Not to mention, one of the sweetest moments ever in perhaps any piece of videogame content as well as perhaps one of its most important ever: the kiss. When this happened, my jaw just dropped because I hadn’t noticed these subtle hints going around that there may have been something more. There’s a part of me now that wishes I actually got more excited after seeing it for the first time, but it still doesn’t take way how incredibly well Naughty Dog did that scene.
Left Behind is my favourite piece of storytelling this year and can easily be in the argument now for what is the best DLC ever. It’s fantastic.
3 – Destiny
Maybe I’m not seeing it, but for all of its flaws – and you don’t need me to tell you if you’ve played it that it has plenty of them – I still return to Destiny every so often. I only got back in recently because of The Dark Below content, having only spent roughly ten hours since launch because of personal events over the Autumn. And yet, after finishing most of The Dark Below content, I’m still coming back, having put in twenty more hours since returning, making the total playtime to date a grand 30 hours. Which is impressive considering I only came back around a few weeks ago.
Look, Destiny has big gaping problems: a lack of a story that is relegated more or less to Grimore Cards, a Peter Dinklage performance that is so phoned in that you would swear blind it was calling for a Chinese delivery or a 118 number, how visiting planets feels less ambitious than it did when details of what it was going to be first came out and how there was just the Fallen, Hive and Vex in the final game as enemies when it did seem like there may have been more out there going by leaked art before the game’s announce.Oh, and not to mention how confusing it is to grasp the concept of leveling up after Level 20 which isn’t even messaged properly.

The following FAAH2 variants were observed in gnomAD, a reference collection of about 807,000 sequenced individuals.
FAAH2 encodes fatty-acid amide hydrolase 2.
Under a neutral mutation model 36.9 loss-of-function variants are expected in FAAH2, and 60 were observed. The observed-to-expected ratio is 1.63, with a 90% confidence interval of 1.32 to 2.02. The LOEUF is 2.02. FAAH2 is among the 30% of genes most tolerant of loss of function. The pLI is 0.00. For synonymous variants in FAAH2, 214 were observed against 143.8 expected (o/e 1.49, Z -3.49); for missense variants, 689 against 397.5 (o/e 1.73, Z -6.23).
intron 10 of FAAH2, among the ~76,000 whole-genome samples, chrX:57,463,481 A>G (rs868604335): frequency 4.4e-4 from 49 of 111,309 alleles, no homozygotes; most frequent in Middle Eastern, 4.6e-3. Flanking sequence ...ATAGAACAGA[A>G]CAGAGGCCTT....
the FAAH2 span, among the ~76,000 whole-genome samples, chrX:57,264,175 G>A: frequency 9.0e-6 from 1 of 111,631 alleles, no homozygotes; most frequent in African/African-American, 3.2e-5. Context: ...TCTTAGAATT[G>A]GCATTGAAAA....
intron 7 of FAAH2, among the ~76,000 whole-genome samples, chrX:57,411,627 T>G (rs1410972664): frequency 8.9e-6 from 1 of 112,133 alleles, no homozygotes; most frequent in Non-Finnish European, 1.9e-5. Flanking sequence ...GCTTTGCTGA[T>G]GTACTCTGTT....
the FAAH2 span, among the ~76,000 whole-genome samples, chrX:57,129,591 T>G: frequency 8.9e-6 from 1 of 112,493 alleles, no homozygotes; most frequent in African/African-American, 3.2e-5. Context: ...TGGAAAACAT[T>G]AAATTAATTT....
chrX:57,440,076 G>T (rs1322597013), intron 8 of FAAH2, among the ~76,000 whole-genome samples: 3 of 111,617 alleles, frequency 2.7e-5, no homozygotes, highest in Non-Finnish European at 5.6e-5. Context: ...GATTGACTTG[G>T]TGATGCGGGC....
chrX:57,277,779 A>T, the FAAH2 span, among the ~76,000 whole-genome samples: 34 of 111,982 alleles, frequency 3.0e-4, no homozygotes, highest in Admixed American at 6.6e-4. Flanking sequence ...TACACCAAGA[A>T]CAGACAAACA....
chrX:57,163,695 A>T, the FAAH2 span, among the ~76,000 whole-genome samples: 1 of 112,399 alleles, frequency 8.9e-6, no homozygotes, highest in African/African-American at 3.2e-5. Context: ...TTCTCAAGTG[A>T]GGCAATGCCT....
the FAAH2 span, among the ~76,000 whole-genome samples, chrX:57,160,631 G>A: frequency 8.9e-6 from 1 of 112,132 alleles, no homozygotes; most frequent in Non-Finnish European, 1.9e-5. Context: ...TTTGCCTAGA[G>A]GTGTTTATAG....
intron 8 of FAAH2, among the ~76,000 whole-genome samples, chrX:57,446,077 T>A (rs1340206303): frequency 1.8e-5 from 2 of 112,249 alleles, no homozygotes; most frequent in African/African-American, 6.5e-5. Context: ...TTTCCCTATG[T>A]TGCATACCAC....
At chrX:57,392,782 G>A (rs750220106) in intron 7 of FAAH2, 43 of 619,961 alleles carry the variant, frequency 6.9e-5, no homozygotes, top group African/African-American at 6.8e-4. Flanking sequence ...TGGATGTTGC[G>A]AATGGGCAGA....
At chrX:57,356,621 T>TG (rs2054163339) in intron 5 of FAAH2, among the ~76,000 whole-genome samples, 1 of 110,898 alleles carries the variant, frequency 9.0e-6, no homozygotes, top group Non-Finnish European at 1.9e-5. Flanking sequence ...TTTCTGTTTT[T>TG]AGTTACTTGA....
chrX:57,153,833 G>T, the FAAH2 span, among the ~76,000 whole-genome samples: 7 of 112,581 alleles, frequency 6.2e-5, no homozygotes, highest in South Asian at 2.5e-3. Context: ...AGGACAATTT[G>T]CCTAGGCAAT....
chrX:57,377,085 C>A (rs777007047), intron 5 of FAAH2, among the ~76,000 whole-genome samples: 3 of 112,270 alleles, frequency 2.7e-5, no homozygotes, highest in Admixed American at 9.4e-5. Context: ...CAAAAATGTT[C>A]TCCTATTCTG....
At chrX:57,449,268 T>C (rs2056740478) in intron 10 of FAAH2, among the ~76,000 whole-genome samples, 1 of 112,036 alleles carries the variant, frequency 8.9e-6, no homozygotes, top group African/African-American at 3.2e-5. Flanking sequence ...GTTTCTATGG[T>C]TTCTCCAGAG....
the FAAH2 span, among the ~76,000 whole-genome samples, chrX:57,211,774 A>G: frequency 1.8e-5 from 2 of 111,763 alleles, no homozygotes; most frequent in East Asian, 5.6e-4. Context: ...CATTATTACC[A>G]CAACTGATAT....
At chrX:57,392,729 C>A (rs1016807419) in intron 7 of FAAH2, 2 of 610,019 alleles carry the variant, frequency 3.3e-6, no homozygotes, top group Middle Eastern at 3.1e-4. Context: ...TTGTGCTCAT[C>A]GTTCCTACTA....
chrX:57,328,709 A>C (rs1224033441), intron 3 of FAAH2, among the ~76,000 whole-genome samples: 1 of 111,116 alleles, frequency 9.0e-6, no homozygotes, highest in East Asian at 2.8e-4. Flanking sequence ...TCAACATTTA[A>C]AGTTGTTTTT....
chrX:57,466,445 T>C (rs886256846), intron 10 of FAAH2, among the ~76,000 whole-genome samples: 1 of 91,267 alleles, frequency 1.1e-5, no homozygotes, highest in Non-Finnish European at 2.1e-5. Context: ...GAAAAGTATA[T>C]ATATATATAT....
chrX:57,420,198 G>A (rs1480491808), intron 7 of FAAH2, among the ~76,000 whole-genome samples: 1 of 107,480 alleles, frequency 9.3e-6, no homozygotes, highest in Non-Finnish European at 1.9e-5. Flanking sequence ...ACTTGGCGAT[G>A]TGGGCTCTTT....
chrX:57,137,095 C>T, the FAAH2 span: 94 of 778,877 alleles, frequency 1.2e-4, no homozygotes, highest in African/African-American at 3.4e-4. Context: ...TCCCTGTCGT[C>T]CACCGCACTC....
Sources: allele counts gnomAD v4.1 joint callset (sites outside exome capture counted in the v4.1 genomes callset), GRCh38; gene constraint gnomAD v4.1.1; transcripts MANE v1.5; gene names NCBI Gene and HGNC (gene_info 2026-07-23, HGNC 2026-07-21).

Yet, Destiny has me coming back. Whether it’s to do with the fun gunplay Bungie has maintained from its Halo day, how fun Crucible is or just co-op’ing with friends on strikes and patrols (I’ve still to do a raid – I’m only a L26 yet!). There’s a magic formula that has me coming back to Destiny every so often and I’ve not cracked it. But it has me in again. Lets hope Bungie can sort its issues out for Destiny 2 and crack the formula.
2 – Forza Horizon 2
This was stupidly close to winning it, but thanks to Destiny’s late surge and a certain action game actually coming from third to clinching the thing, it’ll have to do as runner-up. That withstanding, Forza Horizon 2 is just the most fantastic racing game this year.
A bigger open-world to deal with, a much wider selection of cars in different classes – there’s a certain sense of enjoyment when driving a supercar such as a Lambo, Ferrari or McLaren F1 – with more events to deal with and a soundtrack that is on par if not better than its predecessor. Drivatars make the leap over from Forza Motorsport 5 too, although whether that’s a good thing depends on how much of a twat your Drivatar or the other players Drivatars’ are.
The weather system, decent it is, isn’t as convincing now I’ve experienced weather in DriveClub, though, and I just can’t give a fuck of Sean Maguire’s character. But Forza Horizon 2 is still the better racer of the two and is in my view the best sole reason to own an Xbox One this year.